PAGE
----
Bunin is a teacher of AP human geography, world history, and geospatial technologies at Albemarle High School in Charlottesville, Virginia. During the past decade he has collaborated on projects focused on leveraging geospatial technologies and geo-literacy in the classroom. These include: “The Virginia Experiment” and “America on the World Stage” Teaching American History Projects; the iSTEM Teacher Scholars Program: An Applied Geospatial Curriculum for Middle Schools; “Transatlantic Teacher Scholars: Change Over Time and Place in the Meuse-Argonne American Cemetery”; ESRI’s GeoInquiries for US history and human geography; the US Census Bureau’s Statistics in Schools Program; and the award winning book Jamestown to Appomattox: Mapping US History Using GIS (Carte Diem Press). He is also assistant professor of geography at Piedmont Virginia Community College and a member of the Virginia Geographic Alliance Steering Committee. Chris was named the 2016 Secondary Social Studies Teacher of the Year by the National Council for the Social Studies.
Chapman is associate professor of history at Williams College, specializing in international history and U.S. foreign relations. Her book Cauldron of Resistance: Ngo Dinh Diem, the United States, and 1950s Southern Vietnam (Cornell University Press, 2013) is based on Vietnamese, French, and American sources in all three languages. Using previously unexplored archival materials, Cauldron of Resistance reexamines Washington’s Cold War commitment to South Vietnam in light of the region’s own nationalist political context. Chapman is currently working on two book projects. The first, a survey of decolonization and the Cold War for the University Press of Kentucky, explores the important and often overlooked intersections between these two defining elements of post-WWII global history. The second, an international history of Kenyan runners, takes up related themes in postcolonial history to contribute to the recent wave of scholarship on sports and diplomacy. Her interdisciplinary research for this project, utilizing both historical and ethnographic methods, is currently supported by a Mellon New Directions Fellowship. Her work appears in Diplomatic History, the Journal of Vietnamese Studies, and a number of edited volumes.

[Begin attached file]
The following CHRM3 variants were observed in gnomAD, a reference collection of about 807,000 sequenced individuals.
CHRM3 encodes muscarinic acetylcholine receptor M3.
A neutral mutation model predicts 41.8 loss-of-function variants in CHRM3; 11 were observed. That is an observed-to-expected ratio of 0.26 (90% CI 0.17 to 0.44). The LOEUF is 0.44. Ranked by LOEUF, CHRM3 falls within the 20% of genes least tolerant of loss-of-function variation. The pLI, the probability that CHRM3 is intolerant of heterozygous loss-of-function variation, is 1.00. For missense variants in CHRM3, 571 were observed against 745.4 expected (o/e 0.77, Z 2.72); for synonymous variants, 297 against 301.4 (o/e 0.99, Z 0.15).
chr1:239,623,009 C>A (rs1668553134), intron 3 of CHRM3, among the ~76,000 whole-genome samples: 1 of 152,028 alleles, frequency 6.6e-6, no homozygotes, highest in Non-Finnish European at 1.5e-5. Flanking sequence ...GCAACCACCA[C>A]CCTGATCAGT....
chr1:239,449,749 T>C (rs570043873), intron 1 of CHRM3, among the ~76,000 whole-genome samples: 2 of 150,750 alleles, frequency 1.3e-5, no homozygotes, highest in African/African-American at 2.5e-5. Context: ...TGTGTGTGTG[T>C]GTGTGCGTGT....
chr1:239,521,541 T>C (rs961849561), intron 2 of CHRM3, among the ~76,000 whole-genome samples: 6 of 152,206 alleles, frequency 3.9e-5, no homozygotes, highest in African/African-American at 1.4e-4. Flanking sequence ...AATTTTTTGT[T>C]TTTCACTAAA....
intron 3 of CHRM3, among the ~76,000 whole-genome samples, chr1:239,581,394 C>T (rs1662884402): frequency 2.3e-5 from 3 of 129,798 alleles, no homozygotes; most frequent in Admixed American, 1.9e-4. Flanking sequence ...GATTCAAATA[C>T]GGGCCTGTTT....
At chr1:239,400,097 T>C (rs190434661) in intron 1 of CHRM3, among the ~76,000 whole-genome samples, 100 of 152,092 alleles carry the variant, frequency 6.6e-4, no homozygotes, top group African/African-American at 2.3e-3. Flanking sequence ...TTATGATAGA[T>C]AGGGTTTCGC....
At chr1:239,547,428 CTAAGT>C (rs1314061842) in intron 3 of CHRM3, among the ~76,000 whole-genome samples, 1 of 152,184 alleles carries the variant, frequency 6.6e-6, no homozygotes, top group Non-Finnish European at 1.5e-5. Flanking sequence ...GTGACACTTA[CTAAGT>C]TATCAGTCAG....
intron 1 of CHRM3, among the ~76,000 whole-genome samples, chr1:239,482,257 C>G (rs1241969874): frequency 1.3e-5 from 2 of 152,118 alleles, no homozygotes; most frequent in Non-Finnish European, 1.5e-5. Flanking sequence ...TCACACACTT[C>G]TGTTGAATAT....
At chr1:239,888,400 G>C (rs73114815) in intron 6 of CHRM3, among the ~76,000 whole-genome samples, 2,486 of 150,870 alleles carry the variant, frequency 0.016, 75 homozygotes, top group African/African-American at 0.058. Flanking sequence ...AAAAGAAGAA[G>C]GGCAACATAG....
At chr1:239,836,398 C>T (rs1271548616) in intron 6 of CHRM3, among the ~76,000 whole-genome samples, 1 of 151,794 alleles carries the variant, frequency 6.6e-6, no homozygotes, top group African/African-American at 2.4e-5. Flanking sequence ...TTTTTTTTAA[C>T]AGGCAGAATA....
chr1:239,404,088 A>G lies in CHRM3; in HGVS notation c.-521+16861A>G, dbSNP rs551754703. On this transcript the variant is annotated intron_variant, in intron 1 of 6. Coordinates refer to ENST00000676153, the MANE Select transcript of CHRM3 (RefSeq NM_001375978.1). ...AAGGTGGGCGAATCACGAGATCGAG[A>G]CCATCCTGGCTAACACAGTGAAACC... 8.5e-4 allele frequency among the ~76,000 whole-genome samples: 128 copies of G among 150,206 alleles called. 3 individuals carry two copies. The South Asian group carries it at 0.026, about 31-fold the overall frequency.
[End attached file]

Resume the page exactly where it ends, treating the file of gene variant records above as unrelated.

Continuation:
Ton Quang Cuong
Cuong is a lecturer with extensive experience and management skills at Vietnam National University, where he works for the Faculty of Teacher Education, University of Education (VNU-UED). The university provides new models of teacher training in Vietnam and develops research and service in educational management and leadership in collaboration with other institutions in Vietnam and overseas. As a senior lecturer he is responsible for the development of curricula, learning methodology and technology, leadership and management instruction at the Faculty of Teacher Education, VNU-UED.
Dunleavy is the cofounder and president of a mobile, location-based story and game development company called MoGo Mobile, Inc. In addition, Dr. Dunleavy is the director of assessment and associate professor in instructional technology at the College of Education and Human Development at Radford University in Virginia. From 2006 to 2007, he was a postdoctoral fellow in learning technologies at the Harvard Graduate School of Education and the director of the Handheld Augmented Reality Project (HARP). Dr. Dunleavy received his PhD in educational research, statistics, and evaluation at the University of Virginia, where he focused on the impact of ubiquitous computing on student learning and the classroom environment. Prior to completing his formal education, he lived overseas teaching English as a second language in Cameroon, Central Africa as a Peace Corps volunteer and then independently in Taiwan, Republic of China. In addition, as the founder and director of the GAMeS Lab, he has been the principal investigator on a National Science Foundation grant (Grant No. DRL-0822302) and a Virginia Department of Education grant totaling $2.2 million, both of which explored how mobile technology and location-based learning can be used to improve academic and socio-cultural skills for K-16 school students.